Laravel: PHPDocs for Models everyone should have

Your favorite IDE will pick them up and make your life easier

Photo by Rémi Walle on Unsplash

When using the Eloquent ORM, you will note there is a lot of magic going around. With that bunch of logic behind the scenes, it’s normal for an IDE to just not understand what’s going on.

Most of the problems with writing PHP comes from documenting that type of magic. When the IDE is not “intelligent enough” to understand what happens behind methods like and , we end up with no code assistance. Considering the huge codebase behind the Eloquent ORM and the importance of database models, it can be problematic.

I don’t like too much going around installing packages if not necessary, so one of the things I’m accustomed to do is to copy-paste a bunch of PHPDocs on top of the model class declaration. This declarations allows PHPStorm (my favorite) and other IDE to understand that magic, at least at an acceptable state.

The PHPDocs I’m sharing now it’s divided in six sections: builder helpers, properties, timestamps, accessors, relationships and scopes.

Builder Helpers

First and foremost, since all methods not in the model are passed down to a new Eloquent Builder instance, we need to use the statement and point to the Builder class. This tells our IDE that we can call the mixed class methods from this class.

Is usually good idea to deal with the static method, which is a call to and mostly used internally by Laravel. Opening with will allow your IDE to also mix in your local scopes since we also set it to return the model.

The rest of declarations are needed to tell the IDE we’re returning the same model instance instead of a generic one. The list is quite large but useful nonetheless.

After doing that, we’re free for the next section.

Properties

One of the magics of the Eloquent ORM are dynamic properties, wich return if these don’t exist.

First, I usually add an exclusive line for the primary key of the model since these are mostly read-only (generated by the app or the database). My class is using a integer that’s auto-incremented by the database, and matches the value of the model itself.

From there, the list of properties mirrors the columns of the table. You can just start writing the statement for each with the type of the property’s value and its name.

Obviously you can point to a Collection or Carbon instance if you are casting or mutating their values, and add if the column in the database table is nullable. You can skip any property not useful to you, like the Password and the Remember Token columns.

Timestamps

If your model is using timestamps, it’s nice to also add them in the PHPDoc, specially if you work with them constantly. They’re safe to skip if you don’t deal with timestamps, but I do deal with them in some projects, like when you need to calculate the expiration from the creation time.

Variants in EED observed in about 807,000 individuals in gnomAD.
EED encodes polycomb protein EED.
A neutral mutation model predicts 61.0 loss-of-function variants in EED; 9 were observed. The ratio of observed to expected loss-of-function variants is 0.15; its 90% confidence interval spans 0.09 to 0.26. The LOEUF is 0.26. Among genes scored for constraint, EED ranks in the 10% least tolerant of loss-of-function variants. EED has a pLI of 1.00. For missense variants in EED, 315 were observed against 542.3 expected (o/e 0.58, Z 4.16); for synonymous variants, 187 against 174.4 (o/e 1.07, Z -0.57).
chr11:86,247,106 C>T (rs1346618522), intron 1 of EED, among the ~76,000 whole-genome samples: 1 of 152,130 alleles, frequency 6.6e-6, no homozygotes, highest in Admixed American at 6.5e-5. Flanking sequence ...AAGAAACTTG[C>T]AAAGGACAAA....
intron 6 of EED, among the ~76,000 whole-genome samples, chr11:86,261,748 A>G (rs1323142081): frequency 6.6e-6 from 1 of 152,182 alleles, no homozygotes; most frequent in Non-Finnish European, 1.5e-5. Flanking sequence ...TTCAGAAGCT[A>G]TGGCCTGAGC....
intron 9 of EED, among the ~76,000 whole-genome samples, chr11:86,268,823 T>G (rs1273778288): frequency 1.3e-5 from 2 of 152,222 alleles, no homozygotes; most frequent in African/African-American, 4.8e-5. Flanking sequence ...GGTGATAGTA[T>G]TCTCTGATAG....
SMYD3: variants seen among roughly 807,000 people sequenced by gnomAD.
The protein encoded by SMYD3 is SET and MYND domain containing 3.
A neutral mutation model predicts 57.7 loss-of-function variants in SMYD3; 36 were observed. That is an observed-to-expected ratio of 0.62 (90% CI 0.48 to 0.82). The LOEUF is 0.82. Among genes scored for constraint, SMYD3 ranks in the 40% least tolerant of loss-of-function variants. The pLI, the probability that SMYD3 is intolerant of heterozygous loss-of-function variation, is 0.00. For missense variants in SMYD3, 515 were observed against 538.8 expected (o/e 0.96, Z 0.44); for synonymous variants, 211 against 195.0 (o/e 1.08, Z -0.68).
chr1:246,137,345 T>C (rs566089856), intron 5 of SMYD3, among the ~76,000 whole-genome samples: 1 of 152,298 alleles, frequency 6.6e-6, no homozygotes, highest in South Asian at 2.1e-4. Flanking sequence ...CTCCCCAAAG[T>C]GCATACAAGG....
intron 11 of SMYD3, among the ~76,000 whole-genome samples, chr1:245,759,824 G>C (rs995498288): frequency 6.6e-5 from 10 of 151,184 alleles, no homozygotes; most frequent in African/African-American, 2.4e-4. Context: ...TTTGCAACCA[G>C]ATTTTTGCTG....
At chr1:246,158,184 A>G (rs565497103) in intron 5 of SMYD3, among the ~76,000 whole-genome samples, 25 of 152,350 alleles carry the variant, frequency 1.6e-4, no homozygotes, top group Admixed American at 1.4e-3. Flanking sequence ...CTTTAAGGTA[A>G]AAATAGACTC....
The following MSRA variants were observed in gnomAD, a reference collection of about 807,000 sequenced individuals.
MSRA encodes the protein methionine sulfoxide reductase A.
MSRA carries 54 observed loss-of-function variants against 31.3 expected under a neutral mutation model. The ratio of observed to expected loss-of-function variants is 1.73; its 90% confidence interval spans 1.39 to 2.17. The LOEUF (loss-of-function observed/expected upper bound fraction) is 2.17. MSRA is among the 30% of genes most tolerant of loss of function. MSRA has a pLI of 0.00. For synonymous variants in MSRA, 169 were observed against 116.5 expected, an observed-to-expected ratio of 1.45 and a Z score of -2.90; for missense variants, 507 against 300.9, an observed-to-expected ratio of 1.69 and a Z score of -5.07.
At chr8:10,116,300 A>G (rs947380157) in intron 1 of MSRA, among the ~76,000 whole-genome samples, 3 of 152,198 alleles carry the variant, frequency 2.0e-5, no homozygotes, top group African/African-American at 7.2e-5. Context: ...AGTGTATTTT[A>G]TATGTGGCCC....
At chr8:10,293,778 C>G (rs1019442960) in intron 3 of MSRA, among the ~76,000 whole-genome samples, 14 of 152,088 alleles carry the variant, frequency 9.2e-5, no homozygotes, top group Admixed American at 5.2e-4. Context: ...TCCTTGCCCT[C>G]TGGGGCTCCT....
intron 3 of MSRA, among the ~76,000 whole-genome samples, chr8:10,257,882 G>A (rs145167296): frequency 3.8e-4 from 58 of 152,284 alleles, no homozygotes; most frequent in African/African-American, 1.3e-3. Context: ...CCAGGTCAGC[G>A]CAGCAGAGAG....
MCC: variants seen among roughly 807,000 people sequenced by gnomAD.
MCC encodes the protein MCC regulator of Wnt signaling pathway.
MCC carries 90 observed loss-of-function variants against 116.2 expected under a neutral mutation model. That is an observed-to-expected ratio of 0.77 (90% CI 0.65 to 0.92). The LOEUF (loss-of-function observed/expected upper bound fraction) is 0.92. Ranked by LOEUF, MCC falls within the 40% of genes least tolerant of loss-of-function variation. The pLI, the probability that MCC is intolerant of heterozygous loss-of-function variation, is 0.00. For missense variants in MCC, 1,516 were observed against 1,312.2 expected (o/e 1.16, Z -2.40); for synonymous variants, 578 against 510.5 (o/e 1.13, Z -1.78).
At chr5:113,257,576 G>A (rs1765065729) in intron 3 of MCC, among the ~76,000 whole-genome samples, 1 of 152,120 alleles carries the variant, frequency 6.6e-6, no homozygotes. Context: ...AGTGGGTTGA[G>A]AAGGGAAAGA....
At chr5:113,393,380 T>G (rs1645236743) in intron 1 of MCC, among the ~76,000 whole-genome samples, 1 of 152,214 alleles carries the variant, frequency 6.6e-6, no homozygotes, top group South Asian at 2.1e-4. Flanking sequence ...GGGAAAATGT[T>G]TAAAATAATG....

Note that these use Laravel’s Carbon class, not the native Carbon instance, but the differences are minimal.

Accessors

The next section is separate from the normal properties since the list is not part of the table columns, but rather properties created dynamically for the model. Let’s use a simple example: the full name of the user.

Since this will be accessed as , and cannot be set (since it has no mutator), we can state it as a read-only property.

I do this for every property that is accessible, and I remove the part of the statement if I can set it with a mutator like .

Relations

Relations in Eloquent ORM can be accessed dynamically using the method name that declares it, like for , but you can’t set them like it were properties — for that you will need to use .

There are are two types of relations: single and multiple.

First are single relations, like Has-one, Morph-one or Belongs-to. We can add the model, and add if we expect a null value and we’re not using .

For multiple relationships, we need to point to the Eloquent Collection “or” an array of the relationship type. For example, we can do that for the relation.

You could use some generics in the future, but for now this will suffice.

Local Scopes

Finally, you may need to setup some local scopes to avoid building cryptic queries instead of purposeful methods. Local scopes can be accessed from the outside without the prefix, so we can safely state a new method that returns a Builder instance or the model (in case we need to chain up another scope).

We need to state the Model using “or” because the IDE won’t know that we can chain another scope. Is a minimal trade-off, nonetheless.

Obviously you can/should add the parameters of the scope, apart from the builder instance.

Wrap up

This is how the model looks like in the end. You’re free to edit the PHPDocs or copy-paste them into your project. I added these to Larawiz long time ago, so when I make small projects I don’t need to copy-paste them in every model.